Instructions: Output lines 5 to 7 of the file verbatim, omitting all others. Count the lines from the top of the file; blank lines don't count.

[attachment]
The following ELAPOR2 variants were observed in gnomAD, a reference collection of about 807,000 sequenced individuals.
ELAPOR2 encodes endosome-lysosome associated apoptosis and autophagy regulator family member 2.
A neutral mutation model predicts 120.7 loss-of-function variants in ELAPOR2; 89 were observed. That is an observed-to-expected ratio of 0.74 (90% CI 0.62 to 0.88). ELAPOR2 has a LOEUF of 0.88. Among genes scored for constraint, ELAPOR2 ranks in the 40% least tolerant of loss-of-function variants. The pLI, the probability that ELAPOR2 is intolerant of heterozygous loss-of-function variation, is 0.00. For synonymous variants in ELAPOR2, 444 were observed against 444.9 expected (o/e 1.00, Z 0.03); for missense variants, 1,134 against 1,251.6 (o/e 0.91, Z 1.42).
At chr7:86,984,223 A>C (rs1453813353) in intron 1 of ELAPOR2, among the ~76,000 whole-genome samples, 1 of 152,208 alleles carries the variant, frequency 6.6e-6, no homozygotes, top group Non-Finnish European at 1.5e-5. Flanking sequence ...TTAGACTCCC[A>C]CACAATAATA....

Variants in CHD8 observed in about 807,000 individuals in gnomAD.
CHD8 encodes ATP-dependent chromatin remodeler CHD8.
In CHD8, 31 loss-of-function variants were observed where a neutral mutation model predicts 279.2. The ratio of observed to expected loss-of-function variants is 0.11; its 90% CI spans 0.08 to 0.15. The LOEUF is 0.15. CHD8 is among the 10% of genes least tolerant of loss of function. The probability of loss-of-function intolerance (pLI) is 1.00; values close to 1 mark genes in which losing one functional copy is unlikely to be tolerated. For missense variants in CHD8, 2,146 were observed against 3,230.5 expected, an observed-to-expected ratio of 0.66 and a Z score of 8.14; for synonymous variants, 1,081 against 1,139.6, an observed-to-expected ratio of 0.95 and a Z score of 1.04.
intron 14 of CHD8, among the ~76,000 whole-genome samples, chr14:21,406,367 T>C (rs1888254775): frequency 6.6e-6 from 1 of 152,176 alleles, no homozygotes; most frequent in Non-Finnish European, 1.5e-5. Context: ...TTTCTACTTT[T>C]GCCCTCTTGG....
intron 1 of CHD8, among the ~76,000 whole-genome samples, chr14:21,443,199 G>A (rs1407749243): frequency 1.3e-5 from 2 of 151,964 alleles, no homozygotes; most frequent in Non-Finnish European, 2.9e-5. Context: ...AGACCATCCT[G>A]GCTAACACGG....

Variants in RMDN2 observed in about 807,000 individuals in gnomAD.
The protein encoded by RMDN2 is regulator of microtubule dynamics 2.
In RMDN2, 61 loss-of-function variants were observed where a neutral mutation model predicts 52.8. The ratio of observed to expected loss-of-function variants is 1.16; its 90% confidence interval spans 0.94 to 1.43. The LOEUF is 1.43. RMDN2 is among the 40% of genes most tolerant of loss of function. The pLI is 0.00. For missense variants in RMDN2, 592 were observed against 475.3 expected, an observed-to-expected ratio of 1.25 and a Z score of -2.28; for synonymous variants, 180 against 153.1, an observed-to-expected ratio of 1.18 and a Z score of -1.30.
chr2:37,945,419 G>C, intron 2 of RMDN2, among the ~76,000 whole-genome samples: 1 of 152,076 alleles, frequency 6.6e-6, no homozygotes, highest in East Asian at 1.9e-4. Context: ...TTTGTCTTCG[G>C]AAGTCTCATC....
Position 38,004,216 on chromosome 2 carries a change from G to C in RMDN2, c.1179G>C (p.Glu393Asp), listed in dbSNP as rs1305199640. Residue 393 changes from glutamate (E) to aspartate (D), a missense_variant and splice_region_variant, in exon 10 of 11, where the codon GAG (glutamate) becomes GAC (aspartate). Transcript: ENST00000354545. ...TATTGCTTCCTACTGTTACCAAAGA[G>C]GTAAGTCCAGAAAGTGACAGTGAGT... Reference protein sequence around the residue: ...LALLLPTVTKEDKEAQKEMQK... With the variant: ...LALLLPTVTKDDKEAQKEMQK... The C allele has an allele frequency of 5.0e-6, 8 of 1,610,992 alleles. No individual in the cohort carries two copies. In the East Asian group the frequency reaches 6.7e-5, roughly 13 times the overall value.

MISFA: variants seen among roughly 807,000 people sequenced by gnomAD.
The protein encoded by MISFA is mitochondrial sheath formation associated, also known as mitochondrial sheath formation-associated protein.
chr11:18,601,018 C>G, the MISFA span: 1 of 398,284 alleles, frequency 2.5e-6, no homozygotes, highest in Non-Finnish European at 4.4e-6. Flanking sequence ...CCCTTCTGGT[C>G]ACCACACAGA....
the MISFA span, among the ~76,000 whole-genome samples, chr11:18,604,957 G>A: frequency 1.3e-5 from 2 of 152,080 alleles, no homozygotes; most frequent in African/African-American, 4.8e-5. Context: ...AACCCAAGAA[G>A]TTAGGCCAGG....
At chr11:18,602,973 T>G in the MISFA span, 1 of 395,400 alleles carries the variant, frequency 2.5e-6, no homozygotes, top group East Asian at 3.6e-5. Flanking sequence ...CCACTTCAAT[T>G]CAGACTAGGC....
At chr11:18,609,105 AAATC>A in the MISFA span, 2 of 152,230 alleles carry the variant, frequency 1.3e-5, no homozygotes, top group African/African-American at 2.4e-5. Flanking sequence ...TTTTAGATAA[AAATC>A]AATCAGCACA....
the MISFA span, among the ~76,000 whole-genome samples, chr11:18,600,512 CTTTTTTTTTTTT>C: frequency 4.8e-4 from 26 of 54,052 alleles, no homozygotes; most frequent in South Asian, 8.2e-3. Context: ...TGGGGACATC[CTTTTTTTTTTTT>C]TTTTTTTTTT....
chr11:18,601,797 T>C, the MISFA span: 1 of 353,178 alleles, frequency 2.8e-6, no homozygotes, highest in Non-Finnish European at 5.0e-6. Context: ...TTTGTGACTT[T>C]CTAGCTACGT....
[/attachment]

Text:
Variants in CHD8 observed in about 807,000 individuals in gnomAD.
CHD8 encodes ATP-dependent chromatin remodeler CHD8.
In CHD8, 31 loss-of-function variants were observed where a neutral mutation model predicts 279.2. The ratio of observed to expected loss-of-function variants is 0.11; its 90% CI spans 0.08 to 0.15. The LOEUF is 0.15. CHD8 is among the 10% of genes least tolerant of loss of function. The probability of loss-of-function intolerance (pLI) is 1.00; values close to 1 mark genes in which losing one functional copy is unlikely to be tolerated. For missense variants in CHD8, 2,146 were observed against 3,230.5 expected, an observed-to-expected ratio of 0.66 and a Z score of 8.14; for synonymous variants, 1,081 against 1,139.6, an observed-to-expected ratio of 0.95 and a Z score of 1.04.